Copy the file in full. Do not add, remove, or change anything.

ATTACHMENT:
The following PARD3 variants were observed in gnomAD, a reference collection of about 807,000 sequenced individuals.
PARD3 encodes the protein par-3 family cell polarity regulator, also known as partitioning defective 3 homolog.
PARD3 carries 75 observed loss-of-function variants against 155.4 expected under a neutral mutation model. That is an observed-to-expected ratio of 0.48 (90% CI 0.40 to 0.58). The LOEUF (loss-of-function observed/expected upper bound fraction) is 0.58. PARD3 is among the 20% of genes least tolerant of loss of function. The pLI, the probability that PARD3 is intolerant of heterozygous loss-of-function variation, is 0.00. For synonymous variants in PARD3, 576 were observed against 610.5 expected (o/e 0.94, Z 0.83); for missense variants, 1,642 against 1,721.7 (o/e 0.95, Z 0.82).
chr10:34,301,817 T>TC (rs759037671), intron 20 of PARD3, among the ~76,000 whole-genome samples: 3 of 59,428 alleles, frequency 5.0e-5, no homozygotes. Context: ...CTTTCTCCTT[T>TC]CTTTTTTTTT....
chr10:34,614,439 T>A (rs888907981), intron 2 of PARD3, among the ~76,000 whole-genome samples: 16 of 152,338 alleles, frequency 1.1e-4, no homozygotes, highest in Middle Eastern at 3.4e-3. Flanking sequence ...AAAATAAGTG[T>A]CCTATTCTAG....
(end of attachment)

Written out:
The following PARD3 variants were observed in gnomAD, a reference collection of about 807,000 sequenced individuals.
PARD3 encodes the protein par-3 family cell polarity regulator, also known as partitioning defective 3 homolog.
PARD3 carries 75 observed loss-of-function variants against 155.4 expected under a neutral mutation model. That is an observed-to-expected ratio of 0.48 (90% CI 0.40 to 0.58). The LOEUF (loss-of-function observed/expected upper bound fraction) is 0.58. PARD3 is among the 20% of genes least tolerant of loss of function. The pLI, the probability that PARD3 is intolerant of heterozygous loss-of-function variation, is 0.00. For synonymous variants in PARD3, 576 were observed against 610.5 expected (o/e 0.94, Z 0.83); for missense variants, 1,642 against 1,721.7 (o/e 0.95, Z 0.82).
chr10:34,301,817 T>TC (rs759037671), intron 20 of PARD3, among the ~76,000 whole-genome samples: 3 of 59,428 alleles, frequency 5.0e-5, no homozygotes. Context: ...CTTTCTCCTT[T>TC]CTTTTTTTTT....
chr10:34,614,439 T>A (rs888907981), intron 2 of PARD3, among the ~76,000 whole-genome samples: 16 of 152,338 alleles, frequency 1.1e-4, no homozygotes, highest in Middle Eastern at 3.4e-3. Flanking sequence ...AAAATAAGTG[T>A]CCTATTCTAG....